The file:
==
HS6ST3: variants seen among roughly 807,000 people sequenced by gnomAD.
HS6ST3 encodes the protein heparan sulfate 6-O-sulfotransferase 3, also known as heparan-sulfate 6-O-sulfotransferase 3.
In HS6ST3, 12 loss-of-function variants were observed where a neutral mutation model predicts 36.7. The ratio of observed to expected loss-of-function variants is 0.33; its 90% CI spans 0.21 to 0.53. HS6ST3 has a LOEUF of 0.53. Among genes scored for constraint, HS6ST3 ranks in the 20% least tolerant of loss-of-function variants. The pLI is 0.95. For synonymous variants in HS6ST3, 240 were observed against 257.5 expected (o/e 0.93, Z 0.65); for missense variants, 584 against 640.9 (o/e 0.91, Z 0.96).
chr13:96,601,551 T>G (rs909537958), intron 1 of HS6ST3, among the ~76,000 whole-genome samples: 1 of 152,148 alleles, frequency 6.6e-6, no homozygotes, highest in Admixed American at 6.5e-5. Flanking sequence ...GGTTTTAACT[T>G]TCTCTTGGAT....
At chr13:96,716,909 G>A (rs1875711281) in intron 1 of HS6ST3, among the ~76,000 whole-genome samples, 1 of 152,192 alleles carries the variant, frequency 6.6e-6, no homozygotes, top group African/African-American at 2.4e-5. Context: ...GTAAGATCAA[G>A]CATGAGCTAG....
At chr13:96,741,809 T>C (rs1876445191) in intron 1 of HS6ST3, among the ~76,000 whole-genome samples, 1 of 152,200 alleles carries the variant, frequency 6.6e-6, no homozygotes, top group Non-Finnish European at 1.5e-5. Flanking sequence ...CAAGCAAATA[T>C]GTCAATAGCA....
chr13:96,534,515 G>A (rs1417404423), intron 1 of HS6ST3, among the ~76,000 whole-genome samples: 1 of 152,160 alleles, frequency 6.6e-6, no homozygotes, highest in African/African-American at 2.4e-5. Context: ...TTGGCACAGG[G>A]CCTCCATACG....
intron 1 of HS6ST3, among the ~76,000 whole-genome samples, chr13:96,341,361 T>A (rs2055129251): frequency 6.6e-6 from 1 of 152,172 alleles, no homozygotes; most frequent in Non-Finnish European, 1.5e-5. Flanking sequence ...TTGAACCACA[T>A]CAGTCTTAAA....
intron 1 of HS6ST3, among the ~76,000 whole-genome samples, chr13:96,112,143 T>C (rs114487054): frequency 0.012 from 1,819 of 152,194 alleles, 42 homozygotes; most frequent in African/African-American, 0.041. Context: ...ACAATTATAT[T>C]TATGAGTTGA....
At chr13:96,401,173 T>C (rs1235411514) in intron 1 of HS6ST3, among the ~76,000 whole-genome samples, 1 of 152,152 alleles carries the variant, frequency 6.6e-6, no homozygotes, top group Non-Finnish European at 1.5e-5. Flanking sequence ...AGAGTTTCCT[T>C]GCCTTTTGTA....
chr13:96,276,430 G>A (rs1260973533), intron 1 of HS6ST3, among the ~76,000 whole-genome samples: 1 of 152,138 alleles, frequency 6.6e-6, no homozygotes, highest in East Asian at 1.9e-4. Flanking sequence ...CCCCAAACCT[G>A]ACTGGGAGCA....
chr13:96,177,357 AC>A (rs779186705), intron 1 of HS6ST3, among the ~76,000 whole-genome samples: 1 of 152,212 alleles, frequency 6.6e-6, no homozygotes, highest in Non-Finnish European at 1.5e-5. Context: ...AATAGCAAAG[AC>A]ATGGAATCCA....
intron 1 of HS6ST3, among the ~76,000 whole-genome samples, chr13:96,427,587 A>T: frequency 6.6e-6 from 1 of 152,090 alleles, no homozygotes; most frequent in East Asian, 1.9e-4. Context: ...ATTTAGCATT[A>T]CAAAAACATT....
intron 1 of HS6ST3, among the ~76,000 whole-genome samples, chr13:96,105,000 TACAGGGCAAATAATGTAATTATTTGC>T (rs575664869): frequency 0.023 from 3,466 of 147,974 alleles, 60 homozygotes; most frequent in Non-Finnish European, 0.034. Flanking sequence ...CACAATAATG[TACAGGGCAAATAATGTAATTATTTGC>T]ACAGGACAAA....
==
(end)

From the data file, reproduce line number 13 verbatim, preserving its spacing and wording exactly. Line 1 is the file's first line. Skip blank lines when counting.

intron 1 of HS6ST3, among the ~76,000 whole-genome samples, chr13:96,427,587 A>T: frequency 6.6e-6 from 1 of 152,090 alleles, no homozygotes; most frequent in East Asian, 1.9e-4. Context: ...ATTTAGCATT[A>T]CAAAAACATT....